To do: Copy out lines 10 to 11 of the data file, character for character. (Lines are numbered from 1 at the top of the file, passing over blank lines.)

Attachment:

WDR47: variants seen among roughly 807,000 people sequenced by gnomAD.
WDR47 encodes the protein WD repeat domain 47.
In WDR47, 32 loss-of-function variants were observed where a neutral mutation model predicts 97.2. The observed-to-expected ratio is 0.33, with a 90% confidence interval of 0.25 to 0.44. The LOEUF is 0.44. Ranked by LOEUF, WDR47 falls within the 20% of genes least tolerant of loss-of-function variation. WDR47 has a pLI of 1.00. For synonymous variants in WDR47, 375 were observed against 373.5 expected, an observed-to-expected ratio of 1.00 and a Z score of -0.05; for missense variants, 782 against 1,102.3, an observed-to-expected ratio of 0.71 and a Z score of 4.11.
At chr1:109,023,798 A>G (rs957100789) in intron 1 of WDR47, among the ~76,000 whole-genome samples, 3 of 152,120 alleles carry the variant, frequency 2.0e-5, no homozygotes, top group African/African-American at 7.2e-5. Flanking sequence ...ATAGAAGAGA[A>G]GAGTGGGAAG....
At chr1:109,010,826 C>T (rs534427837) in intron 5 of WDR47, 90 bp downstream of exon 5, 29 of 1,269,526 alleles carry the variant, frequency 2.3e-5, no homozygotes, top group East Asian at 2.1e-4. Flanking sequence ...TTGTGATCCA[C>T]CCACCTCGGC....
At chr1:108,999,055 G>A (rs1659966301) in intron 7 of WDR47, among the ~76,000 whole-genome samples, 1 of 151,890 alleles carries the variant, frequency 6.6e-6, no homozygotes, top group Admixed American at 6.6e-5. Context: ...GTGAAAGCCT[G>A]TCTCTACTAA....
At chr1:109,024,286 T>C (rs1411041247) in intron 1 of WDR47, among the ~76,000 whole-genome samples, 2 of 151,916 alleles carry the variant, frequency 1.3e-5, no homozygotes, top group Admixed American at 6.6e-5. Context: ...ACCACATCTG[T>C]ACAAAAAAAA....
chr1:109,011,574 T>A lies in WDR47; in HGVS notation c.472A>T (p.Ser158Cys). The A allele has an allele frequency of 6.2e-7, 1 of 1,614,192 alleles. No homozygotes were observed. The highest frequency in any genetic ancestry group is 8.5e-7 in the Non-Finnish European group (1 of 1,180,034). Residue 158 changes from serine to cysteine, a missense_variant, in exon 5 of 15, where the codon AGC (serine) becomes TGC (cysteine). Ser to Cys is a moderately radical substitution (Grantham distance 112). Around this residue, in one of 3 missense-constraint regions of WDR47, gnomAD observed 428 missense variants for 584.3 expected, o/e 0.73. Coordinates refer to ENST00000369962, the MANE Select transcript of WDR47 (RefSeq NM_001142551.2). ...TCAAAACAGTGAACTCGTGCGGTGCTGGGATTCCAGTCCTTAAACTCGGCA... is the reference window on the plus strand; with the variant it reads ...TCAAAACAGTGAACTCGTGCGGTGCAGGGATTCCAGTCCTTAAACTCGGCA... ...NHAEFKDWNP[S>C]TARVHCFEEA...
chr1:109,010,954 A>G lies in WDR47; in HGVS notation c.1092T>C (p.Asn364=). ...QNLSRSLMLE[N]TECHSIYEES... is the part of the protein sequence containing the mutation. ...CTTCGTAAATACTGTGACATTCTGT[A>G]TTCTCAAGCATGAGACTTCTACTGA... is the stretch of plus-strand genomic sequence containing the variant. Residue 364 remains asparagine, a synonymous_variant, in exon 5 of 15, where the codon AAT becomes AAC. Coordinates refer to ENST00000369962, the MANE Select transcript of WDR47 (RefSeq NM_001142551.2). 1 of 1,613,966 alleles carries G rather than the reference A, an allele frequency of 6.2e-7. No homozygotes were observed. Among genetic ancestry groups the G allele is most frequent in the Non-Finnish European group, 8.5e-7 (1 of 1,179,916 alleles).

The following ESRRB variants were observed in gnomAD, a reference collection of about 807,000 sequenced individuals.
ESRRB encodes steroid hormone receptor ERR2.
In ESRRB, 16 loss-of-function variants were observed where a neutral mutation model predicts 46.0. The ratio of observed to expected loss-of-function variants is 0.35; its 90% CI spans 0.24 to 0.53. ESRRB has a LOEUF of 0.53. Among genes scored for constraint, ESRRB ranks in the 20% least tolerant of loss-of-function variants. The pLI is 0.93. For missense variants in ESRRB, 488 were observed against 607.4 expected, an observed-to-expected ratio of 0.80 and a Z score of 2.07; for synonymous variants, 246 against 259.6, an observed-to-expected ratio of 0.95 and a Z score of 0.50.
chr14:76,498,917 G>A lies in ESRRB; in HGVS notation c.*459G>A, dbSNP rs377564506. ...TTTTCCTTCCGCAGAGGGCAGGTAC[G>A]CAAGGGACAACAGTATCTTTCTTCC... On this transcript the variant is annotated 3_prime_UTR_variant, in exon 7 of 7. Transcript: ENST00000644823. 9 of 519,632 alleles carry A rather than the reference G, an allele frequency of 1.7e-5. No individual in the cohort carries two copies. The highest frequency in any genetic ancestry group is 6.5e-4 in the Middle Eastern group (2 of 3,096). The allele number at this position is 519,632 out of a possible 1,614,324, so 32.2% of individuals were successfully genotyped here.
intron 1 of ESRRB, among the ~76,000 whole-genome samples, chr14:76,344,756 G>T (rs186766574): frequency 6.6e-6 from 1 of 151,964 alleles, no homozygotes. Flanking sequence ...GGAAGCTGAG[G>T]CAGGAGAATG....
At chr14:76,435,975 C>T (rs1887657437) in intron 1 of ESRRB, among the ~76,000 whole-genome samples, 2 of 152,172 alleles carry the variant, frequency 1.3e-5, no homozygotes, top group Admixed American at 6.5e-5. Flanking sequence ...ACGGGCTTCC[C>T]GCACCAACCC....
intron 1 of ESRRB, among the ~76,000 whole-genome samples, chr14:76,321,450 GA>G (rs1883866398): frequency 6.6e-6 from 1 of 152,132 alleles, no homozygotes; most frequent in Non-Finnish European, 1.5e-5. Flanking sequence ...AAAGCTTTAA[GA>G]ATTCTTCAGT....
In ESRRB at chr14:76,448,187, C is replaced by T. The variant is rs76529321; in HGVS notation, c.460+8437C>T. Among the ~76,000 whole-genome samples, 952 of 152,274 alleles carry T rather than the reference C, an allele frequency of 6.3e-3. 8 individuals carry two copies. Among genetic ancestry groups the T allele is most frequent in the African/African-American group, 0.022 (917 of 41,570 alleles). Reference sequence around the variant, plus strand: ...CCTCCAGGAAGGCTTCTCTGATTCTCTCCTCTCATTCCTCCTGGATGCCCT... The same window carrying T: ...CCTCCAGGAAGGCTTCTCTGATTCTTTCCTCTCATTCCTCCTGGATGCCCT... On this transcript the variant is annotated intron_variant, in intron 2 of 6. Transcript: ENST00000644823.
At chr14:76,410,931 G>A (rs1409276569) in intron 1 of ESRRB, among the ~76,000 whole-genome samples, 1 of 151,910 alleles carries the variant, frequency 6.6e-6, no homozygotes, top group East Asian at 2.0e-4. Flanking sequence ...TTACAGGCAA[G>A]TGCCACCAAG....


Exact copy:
The following ESRRB variants were observed in gnomAD, a reference collection of about 807,000 sequenced individuals.
ESRRB encodes steroid hormone receptor ERR2.